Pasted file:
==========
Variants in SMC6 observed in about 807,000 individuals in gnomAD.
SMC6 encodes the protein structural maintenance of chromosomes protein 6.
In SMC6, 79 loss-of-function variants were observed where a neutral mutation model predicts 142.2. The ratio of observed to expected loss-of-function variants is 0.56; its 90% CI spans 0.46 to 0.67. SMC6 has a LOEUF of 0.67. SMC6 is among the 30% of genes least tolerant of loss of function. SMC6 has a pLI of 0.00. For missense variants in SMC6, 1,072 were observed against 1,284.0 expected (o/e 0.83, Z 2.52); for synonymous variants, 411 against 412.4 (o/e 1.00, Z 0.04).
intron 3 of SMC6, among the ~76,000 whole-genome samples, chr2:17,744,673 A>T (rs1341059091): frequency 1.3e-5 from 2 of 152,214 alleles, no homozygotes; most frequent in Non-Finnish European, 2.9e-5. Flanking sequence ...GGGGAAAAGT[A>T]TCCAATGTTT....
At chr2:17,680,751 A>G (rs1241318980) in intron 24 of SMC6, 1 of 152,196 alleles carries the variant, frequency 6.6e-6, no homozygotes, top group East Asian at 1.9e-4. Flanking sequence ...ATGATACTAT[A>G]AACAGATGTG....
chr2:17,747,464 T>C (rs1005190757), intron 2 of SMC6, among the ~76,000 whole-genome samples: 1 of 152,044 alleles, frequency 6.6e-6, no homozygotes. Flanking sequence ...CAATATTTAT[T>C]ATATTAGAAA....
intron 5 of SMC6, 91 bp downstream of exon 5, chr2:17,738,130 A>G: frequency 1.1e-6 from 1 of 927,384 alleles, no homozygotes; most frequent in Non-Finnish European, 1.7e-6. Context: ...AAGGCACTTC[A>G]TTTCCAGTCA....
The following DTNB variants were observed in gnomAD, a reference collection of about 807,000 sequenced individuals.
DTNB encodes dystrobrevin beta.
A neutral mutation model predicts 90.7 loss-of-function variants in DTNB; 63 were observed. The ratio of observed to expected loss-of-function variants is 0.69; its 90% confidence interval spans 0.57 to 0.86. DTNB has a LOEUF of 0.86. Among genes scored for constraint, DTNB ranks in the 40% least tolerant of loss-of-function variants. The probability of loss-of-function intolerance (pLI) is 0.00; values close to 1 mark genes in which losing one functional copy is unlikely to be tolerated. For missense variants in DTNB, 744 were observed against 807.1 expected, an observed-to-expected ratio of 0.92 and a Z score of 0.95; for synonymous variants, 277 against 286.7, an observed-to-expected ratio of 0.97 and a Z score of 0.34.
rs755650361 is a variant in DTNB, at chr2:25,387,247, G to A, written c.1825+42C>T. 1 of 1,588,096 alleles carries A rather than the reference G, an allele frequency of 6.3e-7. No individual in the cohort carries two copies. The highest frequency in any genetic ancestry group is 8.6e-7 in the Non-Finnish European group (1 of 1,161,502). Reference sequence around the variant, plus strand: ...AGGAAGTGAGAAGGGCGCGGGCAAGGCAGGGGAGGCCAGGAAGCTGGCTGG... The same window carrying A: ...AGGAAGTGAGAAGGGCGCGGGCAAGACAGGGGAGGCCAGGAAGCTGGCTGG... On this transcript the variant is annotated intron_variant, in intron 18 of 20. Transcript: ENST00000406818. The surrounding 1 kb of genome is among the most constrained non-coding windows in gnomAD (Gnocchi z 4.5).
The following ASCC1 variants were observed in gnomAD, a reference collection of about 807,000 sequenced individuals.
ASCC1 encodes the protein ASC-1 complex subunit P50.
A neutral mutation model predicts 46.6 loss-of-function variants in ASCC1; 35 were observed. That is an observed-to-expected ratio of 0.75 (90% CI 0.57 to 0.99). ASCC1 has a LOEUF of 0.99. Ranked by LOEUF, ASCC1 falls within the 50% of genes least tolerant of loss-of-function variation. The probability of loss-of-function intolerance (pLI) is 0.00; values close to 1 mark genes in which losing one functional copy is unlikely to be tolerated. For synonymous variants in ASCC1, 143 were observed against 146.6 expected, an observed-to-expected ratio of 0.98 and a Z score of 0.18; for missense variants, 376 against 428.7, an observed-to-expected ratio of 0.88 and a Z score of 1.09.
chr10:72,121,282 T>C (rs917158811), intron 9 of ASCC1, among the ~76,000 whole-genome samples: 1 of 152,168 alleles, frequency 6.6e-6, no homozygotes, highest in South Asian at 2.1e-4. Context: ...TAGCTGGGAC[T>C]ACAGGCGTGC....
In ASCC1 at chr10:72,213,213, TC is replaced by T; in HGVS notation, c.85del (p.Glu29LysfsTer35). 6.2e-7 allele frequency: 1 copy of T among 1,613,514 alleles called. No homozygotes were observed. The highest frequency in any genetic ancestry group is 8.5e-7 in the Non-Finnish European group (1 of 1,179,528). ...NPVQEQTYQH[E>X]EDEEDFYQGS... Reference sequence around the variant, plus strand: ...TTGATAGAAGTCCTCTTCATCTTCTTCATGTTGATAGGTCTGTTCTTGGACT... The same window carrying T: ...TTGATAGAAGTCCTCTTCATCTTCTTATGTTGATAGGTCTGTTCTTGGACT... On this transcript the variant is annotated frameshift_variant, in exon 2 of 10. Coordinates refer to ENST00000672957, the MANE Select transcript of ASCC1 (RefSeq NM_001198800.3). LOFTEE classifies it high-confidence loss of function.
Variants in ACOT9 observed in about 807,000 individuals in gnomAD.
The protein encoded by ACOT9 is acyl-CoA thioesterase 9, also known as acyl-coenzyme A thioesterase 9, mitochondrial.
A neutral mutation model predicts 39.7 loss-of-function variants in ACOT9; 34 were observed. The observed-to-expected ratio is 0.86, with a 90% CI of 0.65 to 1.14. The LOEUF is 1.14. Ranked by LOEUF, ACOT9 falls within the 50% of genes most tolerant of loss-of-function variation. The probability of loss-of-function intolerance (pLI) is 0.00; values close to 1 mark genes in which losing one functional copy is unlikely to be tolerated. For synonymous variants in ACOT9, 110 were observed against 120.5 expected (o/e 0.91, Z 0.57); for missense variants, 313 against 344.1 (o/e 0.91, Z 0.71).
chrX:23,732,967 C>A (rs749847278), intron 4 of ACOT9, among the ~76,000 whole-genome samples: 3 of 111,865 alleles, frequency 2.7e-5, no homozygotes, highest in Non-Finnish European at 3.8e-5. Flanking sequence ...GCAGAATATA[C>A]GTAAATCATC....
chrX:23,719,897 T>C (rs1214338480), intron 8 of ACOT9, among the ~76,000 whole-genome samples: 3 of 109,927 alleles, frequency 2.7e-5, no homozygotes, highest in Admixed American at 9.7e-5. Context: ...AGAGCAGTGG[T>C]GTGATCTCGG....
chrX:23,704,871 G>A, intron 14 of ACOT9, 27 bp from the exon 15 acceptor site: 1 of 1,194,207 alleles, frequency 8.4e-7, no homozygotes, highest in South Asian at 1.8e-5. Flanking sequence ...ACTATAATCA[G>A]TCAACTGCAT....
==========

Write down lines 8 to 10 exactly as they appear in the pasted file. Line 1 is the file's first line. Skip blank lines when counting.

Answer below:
The following DTNB variants were observed in gnomAD, a reference collection of about 807,000 sequenced individuals.
DTNB encodes dystrobrevin beta.
A neutral mutation model predicts 90.7 loss-of-function variants in DTNB; 63 were observed. The ratio of observed to expected loss-of-function variants is 0.69; its 90% confidence interval spans 0.57 to 0.86. DTNB has a LOEUF of 0.86. Among genes scored for constraint, DTNB ranks in the 40% least tolerant of loss-of-function variants. The probability of loss-of-function intolerance (pLI) is 0.00; values close to 1 mark genes in which losing one functional copy is unlikely to be tolerated. For missense variants in DTNB, 744 were observed against 807.1 expected, an observed-to-expected ratio of 0.92 and a Z score of 0.95; for synonymous variants, 277 against 286.7, an observed-to-expected ratio of 0.97 and a Z score of 0.34.